PLCs as essential key components for constructing smart factories

So far, we have explained the concepts and benefits of smart factories.
Specifically speaking, how would someone start constructing a smart factory? First, you need to know what components make up a smart factory. The figure below shows the main components.

The key component in the figure is the “PLC” (programmable logic controller) edge controller, shown in red.
PLCs are important devices for controlling the operation of various machines.
However, in terms of their position in smart factories, However, in smart factories, PLCs are positioned as edge controllers to collect time-series data from machines and sensors (field devices) in the field.

The data temporarily stored in the PLCs is uploaded to the above-mentioned server system (CPS system) via the factory’s dedicated LAN and the Internet.
In the server system, the data is analyzed by AI and other technologies to create added value that is subsequently utilized in the field.
In other words, PLCs help to convey field device data to higher-level systems in order to visualize the data.

Some major electrical manufacturers have numerous technologies and components to convert their entire factories into a smart factories including manufacture of components such as PLCs.
They have taken measures to improve productivity and energy efficiency in their own factories and accumulated the knowledge and techniques for many years.
Now, many of them deploy such knowhow as solutions horizontally for other companies.

Latest IoT progress in smart factories! Specific success stories

Finally, we would like to introduce Fuji Electric’s success stories of constructing smart factories that utilize IoT.

At Fuji Electric’s Otawara Factory, which manufactures circuit breakers and earth leakage circuit breakers, a dashboard has been deployed that provides real-time visualization of quality, availability, energy, and other data.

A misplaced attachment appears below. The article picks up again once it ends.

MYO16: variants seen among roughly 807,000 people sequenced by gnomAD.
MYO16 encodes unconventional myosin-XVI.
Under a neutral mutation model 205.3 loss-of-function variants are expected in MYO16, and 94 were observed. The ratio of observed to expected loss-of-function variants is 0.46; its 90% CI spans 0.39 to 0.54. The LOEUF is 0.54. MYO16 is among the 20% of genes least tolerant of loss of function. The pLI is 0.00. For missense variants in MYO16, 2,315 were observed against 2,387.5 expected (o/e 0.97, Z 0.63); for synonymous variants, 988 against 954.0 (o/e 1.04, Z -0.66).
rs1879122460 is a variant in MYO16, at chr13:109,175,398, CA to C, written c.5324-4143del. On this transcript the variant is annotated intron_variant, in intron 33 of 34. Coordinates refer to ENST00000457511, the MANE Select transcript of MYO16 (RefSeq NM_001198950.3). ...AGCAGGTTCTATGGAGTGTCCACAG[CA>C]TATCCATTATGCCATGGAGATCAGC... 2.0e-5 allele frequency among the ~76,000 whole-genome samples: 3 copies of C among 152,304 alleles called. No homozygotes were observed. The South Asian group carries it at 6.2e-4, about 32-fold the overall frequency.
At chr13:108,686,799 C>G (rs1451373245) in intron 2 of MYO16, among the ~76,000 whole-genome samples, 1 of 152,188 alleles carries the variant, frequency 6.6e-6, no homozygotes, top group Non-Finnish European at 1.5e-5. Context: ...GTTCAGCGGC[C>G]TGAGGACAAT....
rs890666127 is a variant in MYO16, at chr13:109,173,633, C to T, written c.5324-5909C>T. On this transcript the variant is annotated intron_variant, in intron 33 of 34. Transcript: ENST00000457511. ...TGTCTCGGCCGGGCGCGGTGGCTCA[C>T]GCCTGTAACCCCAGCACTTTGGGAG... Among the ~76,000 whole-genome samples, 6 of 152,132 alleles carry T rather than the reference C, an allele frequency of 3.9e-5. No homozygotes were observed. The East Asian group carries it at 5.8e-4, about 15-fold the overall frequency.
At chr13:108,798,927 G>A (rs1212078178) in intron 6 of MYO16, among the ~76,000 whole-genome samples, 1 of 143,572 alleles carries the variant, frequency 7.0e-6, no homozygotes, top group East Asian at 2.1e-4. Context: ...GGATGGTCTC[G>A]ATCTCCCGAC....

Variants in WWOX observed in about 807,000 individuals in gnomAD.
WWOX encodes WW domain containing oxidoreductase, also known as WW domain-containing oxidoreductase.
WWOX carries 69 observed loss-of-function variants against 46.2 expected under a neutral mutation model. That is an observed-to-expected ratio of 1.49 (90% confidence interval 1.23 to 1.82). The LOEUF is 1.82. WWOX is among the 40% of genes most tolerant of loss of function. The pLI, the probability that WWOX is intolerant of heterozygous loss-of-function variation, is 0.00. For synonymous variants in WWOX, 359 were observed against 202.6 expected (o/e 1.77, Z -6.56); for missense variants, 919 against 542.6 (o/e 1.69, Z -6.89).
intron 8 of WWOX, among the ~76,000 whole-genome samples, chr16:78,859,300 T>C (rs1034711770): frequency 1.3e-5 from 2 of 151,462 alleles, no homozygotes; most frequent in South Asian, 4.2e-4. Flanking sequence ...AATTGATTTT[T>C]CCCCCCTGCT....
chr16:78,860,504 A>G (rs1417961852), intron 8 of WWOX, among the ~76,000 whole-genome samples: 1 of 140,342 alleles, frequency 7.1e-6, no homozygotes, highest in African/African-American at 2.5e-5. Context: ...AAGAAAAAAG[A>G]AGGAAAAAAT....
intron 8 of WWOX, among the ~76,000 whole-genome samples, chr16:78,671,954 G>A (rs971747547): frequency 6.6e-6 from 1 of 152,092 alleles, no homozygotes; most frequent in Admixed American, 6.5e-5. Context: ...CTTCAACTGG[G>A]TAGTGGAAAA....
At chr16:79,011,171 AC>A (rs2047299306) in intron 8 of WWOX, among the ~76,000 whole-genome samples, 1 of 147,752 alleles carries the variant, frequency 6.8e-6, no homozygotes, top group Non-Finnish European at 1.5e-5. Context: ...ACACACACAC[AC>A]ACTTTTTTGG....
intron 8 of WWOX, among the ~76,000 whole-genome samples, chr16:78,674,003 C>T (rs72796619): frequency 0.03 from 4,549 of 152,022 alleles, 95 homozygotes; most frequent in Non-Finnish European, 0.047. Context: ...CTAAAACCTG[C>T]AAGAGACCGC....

The dashboard has enabled the factory to respond quickly to problems that arise in the field. This, in turn, has improved productivity at the factory. The dashboard streamlines and visualizes not only factory production line and production information, but also daily management information in order to achieve optimization for the entire factory.

Furthermore, at Fuji Electric’s Mie Factory, which integratively produces vending machines and other products, preventive maintenance is being implemented by monitoring for signs of abnormality in sheet-metal pressing processes in order to reduce quality defects.
Quality problems can occur if metal debris adheres to the punch when punching holes with a press. Therefore, the factory installed Fuji Electric’s “Diagnostic Sensor Hub” to collect data through the use of five sensors.
Signs of abnormality are detected by comparing the collected data with a normal model that was created from the correlation of various types of data.
This has enabled the factory to stop equipment before it malfunctions and perform maintenance to eliminate quality defects.

In addition to these examples, many other companies are continuing to pursue remote and unmanned operations as they prepare for the post COVID-19 world. Although it may be difficult to implement an advanced smart factory all at once from scratch, a good first step to making your factory smarter would be to deploy PLCs for the basic components of your factory, and then gradually expand from there.